This time of year can be a really confusing time when it comes to the food choices we make and feelings about our bodies.
With the main event of the day generally a huge Christmas feast, we’re encouraged to indulge during the festive season. Grocery stores are full of all kinds of Christmas goodies & we go nuts preparing enough food for a small city!
We’re also told to enjoy our Christmas lunches & dinners in moderation & reminded to not to forget our diets!
I don’t know about you, but this year my social media feeds have been littered (and yes, literally littered because it’s absolute rubbish!) with visuals of how many calories your traditional Christmas foods have & how to burn them off. Ergh.
This kind of crap makes me all kinds of mad at ANY time of the year but during the holidays, a time that is largely centered around happiness and joy, why?! It’s the time to be festive, catch up with loved ones or maybe you have own reason for celebrating. It’s certainly not the time to be focusing on calories or your weight (I highly recommend not doing this at any time of the year, but especially not now!). Not to mention, this time of year can also be very stressful & difficult for some; do we really need this additional pressure? Noooooope.
Here are 5 tips to help you survive, thrive and stay body positive these holidays:
1. Throw non-appearance related compliments around like confetti
We’ve all done it. The cousin you haven’t seen for 12 months…“Oh, you look great, have you lost weight?” or even complimenting a niece or other little person “you look so pretty in that dress”. They might seem harmless but comments like these reinforce the idea that our value lies within our appearance or what our bodies look like.
It’s time for you to lead by body positive example and start complimenting your family and friends on things that have nothing to do with appearance. Some examples you could use are:
– You are always so much fun to be around
– You can always make me laugh
– I really admire you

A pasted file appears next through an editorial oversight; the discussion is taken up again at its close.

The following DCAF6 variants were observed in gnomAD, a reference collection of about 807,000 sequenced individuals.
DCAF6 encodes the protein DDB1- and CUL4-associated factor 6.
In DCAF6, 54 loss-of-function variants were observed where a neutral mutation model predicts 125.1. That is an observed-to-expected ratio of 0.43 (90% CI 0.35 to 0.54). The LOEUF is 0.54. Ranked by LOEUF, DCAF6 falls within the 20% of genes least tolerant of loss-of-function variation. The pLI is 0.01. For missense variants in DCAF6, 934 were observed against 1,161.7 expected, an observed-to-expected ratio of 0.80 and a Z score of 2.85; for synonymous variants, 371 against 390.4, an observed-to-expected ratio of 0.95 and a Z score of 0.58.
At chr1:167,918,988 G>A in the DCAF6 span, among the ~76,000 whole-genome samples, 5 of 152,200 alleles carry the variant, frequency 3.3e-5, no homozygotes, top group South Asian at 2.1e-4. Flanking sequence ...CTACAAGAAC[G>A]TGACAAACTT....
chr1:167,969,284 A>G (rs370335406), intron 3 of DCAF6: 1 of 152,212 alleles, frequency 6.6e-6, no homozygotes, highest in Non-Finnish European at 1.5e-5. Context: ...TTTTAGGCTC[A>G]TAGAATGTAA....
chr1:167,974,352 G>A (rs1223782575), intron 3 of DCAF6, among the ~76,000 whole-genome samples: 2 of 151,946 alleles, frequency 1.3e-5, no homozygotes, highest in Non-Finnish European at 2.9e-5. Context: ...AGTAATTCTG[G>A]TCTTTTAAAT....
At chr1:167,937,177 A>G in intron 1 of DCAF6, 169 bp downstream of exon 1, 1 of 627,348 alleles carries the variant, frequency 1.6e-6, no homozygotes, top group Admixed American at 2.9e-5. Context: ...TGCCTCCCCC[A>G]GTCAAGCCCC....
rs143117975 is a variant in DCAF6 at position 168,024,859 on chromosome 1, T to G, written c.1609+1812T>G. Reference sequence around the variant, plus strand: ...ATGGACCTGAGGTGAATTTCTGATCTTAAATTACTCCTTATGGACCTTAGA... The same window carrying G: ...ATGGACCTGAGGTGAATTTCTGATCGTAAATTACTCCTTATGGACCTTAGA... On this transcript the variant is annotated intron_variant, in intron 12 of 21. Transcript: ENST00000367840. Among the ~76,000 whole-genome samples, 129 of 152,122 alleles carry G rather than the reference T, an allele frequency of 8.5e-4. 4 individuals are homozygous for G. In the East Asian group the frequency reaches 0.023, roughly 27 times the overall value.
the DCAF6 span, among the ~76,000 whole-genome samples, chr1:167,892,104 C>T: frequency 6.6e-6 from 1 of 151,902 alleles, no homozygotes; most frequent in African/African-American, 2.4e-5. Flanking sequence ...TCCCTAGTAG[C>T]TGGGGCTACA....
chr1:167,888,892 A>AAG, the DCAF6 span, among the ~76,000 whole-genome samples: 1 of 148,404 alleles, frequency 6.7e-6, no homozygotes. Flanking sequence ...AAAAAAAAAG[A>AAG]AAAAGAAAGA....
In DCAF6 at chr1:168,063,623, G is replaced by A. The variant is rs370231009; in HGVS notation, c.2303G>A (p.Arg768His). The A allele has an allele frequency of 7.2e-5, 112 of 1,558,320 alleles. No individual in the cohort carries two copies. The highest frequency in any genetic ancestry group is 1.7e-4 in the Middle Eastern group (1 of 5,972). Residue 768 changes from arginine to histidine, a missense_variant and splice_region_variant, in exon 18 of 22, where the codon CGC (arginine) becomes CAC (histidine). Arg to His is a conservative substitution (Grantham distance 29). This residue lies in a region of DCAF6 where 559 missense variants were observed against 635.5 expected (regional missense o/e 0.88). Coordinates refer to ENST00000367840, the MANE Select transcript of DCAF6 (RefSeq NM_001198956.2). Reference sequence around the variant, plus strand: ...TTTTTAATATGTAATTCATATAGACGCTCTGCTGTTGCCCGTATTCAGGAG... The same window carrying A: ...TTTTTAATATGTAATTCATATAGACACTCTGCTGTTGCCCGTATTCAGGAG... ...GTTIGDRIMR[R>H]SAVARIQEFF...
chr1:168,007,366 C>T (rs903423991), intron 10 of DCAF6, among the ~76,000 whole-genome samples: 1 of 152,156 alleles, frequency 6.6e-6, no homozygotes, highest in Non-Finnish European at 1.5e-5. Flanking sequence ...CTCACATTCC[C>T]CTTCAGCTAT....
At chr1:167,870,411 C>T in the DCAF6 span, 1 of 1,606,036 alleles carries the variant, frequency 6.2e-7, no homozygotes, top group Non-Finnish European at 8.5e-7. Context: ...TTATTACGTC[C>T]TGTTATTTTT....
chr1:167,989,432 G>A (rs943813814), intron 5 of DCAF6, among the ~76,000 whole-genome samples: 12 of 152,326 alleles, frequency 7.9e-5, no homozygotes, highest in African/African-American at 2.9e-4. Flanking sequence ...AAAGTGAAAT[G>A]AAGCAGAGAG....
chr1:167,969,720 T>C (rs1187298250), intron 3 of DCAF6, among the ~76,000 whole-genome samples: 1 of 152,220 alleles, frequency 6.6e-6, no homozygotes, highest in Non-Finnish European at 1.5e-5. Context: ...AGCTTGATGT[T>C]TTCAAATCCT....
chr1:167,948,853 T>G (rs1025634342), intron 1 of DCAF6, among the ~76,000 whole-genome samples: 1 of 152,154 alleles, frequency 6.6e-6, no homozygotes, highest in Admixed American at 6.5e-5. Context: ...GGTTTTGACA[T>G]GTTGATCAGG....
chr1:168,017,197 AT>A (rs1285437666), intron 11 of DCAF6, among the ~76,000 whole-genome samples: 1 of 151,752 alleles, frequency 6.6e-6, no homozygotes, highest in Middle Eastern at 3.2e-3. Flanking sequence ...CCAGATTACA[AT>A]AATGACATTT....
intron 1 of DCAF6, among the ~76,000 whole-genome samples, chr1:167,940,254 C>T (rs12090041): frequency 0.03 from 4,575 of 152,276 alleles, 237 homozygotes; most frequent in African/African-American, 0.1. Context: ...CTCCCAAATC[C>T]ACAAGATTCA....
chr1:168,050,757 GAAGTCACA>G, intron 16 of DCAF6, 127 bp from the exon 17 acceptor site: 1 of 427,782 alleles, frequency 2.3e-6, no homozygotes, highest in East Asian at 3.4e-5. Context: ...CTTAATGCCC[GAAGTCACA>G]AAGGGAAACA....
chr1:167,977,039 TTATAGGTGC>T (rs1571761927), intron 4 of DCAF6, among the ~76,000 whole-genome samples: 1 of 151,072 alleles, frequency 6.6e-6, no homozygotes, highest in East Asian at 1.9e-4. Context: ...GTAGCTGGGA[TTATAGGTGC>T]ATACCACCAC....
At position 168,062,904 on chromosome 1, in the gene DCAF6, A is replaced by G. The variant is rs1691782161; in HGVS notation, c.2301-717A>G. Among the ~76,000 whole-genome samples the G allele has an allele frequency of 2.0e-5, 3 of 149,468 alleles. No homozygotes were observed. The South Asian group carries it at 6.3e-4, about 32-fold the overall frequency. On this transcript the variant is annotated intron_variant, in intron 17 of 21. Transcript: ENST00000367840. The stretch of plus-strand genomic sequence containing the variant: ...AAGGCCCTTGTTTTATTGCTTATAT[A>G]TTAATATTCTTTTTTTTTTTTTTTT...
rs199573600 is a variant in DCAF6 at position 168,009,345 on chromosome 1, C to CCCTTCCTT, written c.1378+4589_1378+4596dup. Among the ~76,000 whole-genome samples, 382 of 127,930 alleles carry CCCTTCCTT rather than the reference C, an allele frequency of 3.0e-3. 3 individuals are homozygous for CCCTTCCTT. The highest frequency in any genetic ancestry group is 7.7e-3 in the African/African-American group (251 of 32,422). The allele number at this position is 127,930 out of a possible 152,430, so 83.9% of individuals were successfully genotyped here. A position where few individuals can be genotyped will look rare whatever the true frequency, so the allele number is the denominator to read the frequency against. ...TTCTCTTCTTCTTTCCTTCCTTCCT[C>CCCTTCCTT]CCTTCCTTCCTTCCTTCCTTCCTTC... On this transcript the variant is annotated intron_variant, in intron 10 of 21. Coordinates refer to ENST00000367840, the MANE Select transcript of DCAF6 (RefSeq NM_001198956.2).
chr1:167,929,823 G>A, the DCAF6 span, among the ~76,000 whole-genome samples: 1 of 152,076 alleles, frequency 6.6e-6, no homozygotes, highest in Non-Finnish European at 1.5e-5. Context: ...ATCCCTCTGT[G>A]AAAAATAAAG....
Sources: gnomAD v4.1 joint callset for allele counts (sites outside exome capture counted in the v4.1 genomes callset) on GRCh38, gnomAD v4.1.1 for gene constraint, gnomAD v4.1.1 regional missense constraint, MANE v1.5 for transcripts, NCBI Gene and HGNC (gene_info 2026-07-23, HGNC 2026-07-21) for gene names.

– I’m proud of you
You could even create DIY Bonbons/Christmas Crackers with non-appearance compliments for every guest!
2. Make your day a body shame-free zone
This includes shaming your own body!
I am extremely fortunate to have not had experience of body shaming from family members but I understand that it happens, far more regularly than it should. If you are expecting this to happen at your gathering, I highly recommend setting boundaries with those who are likely to bring it up. If you are unsure what to say, you could say something like this:
“I know you comment on my weight/body because you care about me (or think that it is helpful) but it’s not and I need you to stop”.
It’s important to be kind and compassionate to the person you are speaking to -in most cases, they think that they are helping you rather than hurting you. If the body shaming is happening to someone else and they aren’t confident enough to say something or aren’t in the room to defend themselves, speak up.
It’s okay if you’re not brave enough to stand up to someone who is body shaming either yourself or someone else. Another option is to walk away from the discussion – maybe they’ll get the hint that you’re not interested in the conversation. Your mental health is important and you have the right to leave when someone is making you uncomfortable.
3. No diet-talk
Along with no body-shaming, aim to make these holidays free from diet talk. While we can’t control what those around us discuss, we can choose whether or not we engage in diet conversation.
Food is often a big focus on the day, which means it can bring up some guilt & shame for some people. This can trigger talk about future diet plans, weight loss strategies or burning calories. If others are engaging in diet talk, remove yourself from the conversation or change the topic to something positive or more interesting! Go around the table & have each person can talk about their proudest achievement of the year instead.
4. Food is not the enemy
Us humans are weird creatures – we spend weeks sometimes months, preparing holiday feasts we know we are likely to overindulge in, but yet, come Christmas day, many of us will spend the day complaining that we ate too much, or how bad we are for eating!
Remember, food has no moral value and it’s not something that should make you feel guilty, shameful or anxious. Food is there to nourish and sustain us! Be mindful of the way you talk about certain foods eg. ‘good’, ‘bad’, use neutral language – food is simply just food!
If the food police are out in force, don’t be afraid to remove yourself from conversations or tell them to refrain from commenting on your food choices.
Don’t forget to check in with your hunger cues throughout the day. Don’t let diets dictate what you should & shouldn’t eat – listen to your body & ask it what it wants & needs.
5. Be kind and compassionate to yourself and to others
It’s okay if you overindulge – it’s one day of the year.
It’s okay if you’re a little bloated – it will pass (literally).
It’s okay if you gain a little weight – our weight fluctuates all the time, not just at Christmas!
It’s okay if your zipper is a little tight at the end of the day – next year wear something more comfortable 😉
Most importantly, remember to have fun & be merry – don’t let negative thoughts about your body or food take over the day.